The campaign manager for Bernie Sanders has blasted the “arcane” rules by which the caucuses are run. For example, the Microsoft “app” designed to handle the results recorded seven “coin tosses” to determine which candidate would get a delegate.

“Six of them went to Bernie Sanders,” McGuire said this afternoon. “Five of those were between Hillary and Bernie Sanders. One of those was between Sanders and O’Malley and then there was one for Clinton, between Clinton and Sanders.”

The rules “haven’t changed,” according to McGuire.

“When there’s a tie, you’re going to have a game of chance and if there’s two people involved in a tie, typically we tell them in the rules — written down for everybody to see at all the trainings we did — that there’s a flip of the coin,” McGuire said. “Certainly that’s a very equitable way to do this.”

There may have been more “coin flips” at rural precincts where delegate counts were telephoned in rather than calculated and reported using the Microsoft app. All three presidential campaigns had representations in the “tabulation room” on Monday night and McGuire said any “grievances” raised then were addressed then. She has not personally talked to any representative of the Sanders campaign since then.

The results of the Republican Party’s caucuses in 2012 were razor thin as well, with the chairman of the Iowa GOP declaring Mitt Romney the winner on Caucus Night, then 10 days later releasing a “canvas” of precincts that indicated Rick Santorum won.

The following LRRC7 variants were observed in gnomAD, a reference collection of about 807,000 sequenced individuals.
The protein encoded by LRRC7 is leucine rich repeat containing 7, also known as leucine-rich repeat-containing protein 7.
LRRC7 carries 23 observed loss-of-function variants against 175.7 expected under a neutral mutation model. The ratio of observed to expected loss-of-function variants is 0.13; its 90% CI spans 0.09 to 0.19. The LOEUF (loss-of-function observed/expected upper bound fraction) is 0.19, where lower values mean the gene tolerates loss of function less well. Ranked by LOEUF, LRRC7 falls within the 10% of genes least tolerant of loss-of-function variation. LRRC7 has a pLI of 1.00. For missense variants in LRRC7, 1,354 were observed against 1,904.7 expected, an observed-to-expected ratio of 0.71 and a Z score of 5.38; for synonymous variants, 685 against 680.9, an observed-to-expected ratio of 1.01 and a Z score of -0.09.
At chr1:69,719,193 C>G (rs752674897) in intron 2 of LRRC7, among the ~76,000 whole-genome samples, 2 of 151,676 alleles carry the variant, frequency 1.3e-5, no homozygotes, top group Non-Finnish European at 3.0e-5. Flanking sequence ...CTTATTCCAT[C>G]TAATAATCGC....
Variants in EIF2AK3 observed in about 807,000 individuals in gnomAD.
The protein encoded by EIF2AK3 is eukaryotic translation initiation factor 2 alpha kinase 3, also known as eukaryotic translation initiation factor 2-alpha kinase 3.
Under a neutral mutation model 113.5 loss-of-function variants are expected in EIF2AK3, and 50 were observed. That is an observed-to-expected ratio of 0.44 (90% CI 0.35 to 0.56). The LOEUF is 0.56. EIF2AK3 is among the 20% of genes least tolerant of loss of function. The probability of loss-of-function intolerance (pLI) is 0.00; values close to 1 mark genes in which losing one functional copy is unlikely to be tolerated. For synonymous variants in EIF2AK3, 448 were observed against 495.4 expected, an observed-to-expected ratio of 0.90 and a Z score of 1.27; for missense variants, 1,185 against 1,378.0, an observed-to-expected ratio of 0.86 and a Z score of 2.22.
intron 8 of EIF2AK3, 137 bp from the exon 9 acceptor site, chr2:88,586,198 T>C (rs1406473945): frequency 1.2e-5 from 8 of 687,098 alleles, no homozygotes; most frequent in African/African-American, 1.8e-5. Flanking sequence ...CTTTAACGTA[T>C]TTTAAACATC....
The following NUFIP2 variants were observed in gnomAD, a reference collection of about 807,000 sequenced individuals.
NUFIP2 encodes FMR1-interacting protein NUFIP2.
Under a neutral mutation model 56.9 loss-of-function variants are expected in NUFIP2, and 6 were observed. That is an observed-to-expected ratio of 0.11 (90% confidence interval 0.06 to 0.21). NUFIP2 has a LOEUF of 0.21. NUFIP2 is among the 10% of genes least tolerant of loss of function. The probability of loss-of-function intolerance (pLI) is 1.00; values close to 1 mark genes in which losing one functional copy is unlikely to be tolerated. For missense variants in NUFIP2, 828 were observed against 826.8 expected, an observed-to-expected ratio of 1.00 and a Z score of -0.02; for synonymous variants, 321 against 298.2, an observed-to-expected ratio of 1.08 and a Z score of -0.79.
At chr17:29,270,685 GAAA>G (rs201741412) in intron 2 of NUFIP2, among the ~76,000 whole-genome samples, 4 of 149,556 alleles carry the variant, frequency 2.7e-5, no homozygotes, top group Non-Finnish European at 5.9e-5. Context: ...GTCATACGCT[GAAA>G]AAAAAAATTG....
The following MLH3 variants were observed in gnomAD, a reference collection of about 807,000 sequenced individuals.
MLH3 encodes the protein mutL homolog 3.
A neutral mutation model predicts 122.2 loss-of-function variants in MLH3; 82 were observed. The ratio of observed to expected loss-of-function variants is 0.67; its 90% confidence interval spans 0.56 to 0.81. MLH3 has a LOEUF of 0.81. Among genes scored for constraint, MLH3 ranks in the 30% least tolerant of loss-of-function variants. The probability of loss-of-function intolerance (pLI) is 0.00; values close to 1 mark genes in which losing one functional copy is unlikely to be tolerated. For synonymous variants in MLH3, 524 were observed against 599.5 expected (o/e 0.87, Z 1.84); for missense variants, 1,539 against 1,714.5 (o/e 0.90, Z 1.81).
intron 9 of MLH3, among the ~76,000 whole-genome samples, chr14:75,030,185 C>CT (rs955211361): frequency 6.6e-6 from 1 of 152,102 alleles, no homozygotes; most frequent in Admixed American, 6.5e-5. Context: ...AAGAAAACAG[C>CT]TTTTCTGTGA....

Iowa GOP chairman expresses pride in 2016 caucus turn-out

Jeff-Kaufman

Jeff Kaufmann

A record number of Iowans participated in last night’s Republican caucuses.

“It went way beyond, way beyond what we ever dreamed we were going to have,” says Iowa GOP chairman Jeff Kaufmann.

More than 186,000 turned out for the Republican Caucuses.

“We knew that there was enthusiasm. We knew that there was energy was out there. We could see it in the phone calls that were coming in . We could see it at the events,” Kaufmann says. “I don’t think anybody quite appreciated the level.”

Kaufmann says he was “taken aback” when reports started coming in about long lines at precinct sites around the state. Entrance polling indicates 43 percent of the people waiting in those lines were first-time Caucus-goers.

“As I now transition from caucus into preparing for the General Election, you know, it’s just a gold mine,” Kaufmann says.

The party will “immediately” try to communicate with those first-timers.

“That doesn’t mean you hit them up for money or turn them into Mr. or Ms. Republican of the Year,” Kaufmann says. “You begin, essentially, a dialogue.”

Some of those new voters are supporting just the one candidate at this point, according to Kaufmann, but he says it’s important to start a conversation that may keep those new voters in the Republican fold in November.

More than 170,00 Iowans participated in the Democratic Party’s caucuses last night and the Iowa Republican Party’s chair is praising them, too.

“I can’t tell you how proud I am,” Kaufmann says. “…We showed the entire world not only that can we take a broad leap in sophistication and technology in how we carry it out, but the methodical way that we did it — I’m just so proud of this state. I really, truly am.”

Kaufmann’s comments are directed to the “rank and file” Republicans and Democrats who participated in the Iowa Caucuses. Kaufmann says he wishes his counterpart “the best of luck” in dealing with critics who question the way the Iowa Democratic Party handled last night’s results.